Each spring gardeners plan out their vegetable gardens with tomatoes, onions, and peppers predominating. There is good reason for that; few other crops are as useful and versatile in the kitchen. However, if you are looking to add some diversity to your vegetable garden this year, here are five less common choices that are very easy to grow in your garden. Plus, each of these crops can be planted now.
Kale: The health experts tout this as one of the healthiest foods you can eat. The good news for gardeners is kale is incredibly easy to grow. Sow seed directly in the ground as soon as the soil can be tilled in the spring. Once the plants are established, leaves can be harvested for use. The mature plant is cold hardy and will survive very low temperatures in the fall. In fact, it typically outlives all of the other plants in the vegetable garden.
Parsnips: This surprisingly tasty and versatile root requires a long season to grow but can be kept in the garden over the winter for storage. Direct seed parsnip any time after April 1st in Iowa for a fall or following spring harvest.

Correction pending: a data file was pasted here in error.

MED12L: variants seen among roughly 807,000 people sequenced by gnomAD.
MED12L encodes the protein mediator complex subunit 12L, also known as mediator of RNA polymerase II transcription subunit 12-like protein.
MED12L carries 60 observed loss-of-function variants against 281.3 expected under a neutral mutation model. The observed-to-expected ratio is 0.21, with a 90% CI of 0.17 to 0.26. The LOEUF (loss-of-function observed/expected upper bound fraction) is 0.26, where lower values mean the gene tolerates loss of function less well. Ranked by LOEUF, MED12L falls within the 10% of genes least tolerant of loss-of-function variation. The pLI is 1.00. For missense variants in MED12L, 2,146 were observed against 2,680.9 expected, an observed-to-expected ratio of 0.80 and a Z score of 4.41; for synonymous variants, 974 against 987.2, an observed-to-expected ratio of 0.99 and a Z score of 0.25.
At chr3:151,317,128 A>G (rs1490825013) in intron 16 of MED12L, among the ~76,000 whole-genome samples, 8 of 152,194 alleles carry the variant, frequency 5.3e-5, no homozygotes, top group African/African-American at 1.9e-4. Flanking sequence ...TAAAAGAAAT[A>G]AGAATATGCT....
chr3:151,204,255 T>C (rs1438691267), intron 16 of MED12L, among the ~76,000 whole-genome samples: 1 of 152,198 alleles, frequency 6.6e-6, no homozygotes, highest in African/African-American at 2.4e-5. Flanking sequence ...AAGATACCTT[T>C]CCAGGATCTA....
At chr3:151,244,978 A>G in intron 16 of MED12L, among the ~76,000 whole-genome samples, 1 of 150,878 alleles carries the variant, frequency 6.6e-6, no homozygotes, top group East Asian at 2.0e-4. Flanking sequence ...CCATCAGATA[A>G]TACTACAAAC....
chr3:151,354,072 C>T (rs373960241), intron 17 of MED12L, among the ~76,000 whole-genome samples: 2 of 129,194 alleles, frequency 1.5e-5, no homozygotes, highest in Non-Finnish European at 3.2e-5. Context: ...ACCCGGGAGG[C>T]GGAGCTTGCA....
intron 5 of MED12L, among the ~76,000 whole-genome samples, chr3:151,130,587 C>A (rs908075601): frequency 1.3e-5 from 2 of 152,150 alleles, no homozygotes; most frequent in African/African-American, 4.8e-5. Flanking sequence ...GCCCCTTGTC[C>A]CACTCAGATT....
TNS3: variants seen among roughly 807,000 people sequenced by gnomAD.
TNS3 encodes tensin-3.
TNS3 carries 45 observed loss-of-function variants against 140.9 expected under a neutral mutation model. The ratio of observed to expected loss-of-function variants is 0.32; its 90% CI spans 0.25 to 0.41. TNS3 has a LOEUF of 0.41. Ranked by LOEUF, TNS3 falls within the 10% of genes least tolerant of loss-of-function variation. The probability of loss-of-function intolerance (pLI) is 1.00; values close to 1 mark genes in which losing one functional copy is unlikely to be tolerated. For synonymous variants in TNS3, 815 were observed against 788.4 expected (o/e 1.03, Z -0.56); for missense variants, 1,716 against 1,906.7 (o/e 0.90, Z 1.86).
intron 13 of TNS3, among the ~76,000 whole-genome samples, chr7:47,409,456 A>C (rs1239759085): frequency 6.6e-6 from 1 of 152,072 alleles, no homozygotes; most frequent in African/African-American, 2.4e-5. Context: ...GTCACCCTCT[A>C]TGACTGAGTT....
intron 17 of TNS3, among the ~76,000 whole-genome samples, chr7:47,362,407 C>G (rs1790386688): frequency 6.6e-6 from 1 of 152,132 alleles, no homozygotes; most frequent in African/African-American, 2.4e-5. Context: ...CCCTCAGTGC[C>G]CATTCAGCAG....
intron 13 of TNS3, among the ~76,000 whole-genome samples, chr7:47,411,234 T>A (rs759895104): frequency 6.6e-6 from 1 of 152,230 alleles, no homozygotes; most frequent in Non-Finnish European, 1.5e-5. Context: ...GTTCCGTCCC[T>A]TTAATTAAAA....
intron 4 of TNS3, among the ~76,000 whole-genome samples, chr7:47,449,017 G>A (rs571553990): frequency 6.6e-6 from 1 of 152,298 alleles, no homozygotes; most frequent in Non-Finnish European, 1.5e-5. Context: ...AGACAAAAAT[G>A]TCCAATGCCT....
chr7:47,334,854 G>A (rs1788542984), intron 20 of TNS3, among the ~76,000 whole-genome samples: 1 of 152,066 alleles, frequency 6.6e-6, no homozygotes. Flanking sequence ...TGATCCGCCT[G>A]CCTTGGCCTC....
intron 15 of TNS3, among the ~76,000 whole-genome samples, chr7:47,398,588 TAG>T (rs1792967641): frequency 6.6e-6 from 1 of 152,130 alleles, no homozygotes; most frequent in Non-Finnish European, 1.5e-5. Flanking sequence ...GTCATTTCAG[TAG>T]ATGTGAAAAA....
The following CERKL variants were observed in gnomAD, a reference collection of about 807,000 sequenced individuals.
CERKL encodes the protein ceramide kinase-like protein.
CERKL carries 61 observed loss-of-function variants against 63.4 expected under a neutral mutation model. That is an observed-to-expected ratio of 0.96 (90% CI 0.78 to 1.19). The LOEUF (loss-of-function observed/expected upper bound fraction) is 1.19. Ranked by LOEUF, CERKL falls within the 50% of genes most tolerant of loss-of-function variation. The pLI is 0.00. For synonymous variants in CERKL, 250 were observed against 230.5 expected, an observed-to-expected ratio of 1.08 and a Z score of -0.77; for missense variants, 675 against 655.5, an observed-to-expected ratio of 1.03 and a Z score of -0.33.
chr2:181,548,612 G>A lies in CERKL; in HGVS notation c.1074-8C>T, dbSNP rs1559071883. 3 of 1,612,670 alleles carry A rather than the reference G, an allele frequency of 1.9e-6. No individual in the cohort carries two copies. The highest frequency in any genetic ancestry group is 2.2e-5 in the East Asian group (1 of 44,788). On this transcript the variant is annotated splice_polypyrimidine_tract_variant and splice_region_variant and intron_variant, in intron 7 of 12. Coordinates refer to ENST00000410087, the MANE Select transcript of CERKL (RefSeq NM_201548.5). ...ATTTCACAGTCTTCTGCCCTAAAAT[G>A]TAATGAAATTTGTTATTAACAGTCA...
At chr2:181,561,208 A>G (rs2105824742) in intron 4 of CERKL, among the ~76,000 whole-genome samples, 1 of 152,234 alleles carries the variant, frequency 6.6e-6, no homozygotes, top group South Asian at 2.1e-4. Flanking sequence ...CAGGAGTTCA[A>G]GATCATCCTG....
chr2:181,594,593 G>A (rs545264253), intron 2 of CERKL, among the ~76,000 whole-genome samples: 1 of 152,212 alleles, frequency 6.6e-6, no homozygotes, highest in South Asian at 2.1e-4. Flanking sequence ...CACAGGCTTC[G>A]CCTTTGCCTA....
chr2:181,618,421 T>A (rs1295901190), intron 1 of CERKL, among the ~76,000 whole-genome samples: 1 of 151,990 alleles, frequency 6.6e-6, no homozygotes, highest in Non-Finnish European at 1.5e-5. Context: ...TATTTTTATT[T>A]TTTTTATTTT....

Amaranth: As a grain crop with an ancient history, this incredibly fertile plant (hundreds of thousands of seeds are produced on one plant) can yield a rewarding harvest. Two words of warning: it is closely related to a common garden weed in Iowa, red root pigweed, and the seed has to be properly winnowed to be useful in the kitchen.
Rutabaga: As a member of the Brassicaceae family (as is kale), this root crop has that distinctive broccoli flavor. However, if roots are harvested early they are more tender and mild. Since the seed are so small, plantings typically need to be thinned in early May.
Garlic scapes: While garlic is planted in the fall and not necessarily a unique crop, harvesting the immature flower buds are not a common practice among most gardeners. Watch for the flower stalks to emerge in early May. As soon as they begin to curl, but before the flowers open, they are ready for harvest. Cut the stalk as close to the foliage as possible. They add a fresh garlic taste to cuisine.
Additional information for the more common vegetable crops in your garden can be found in the ISU Extension publications PM 819, Planting a Home Vegetable Garden or PM 534, Planting and harvesting times for garden vegetables.
An amaranth. Photo by Jennifer Bousselot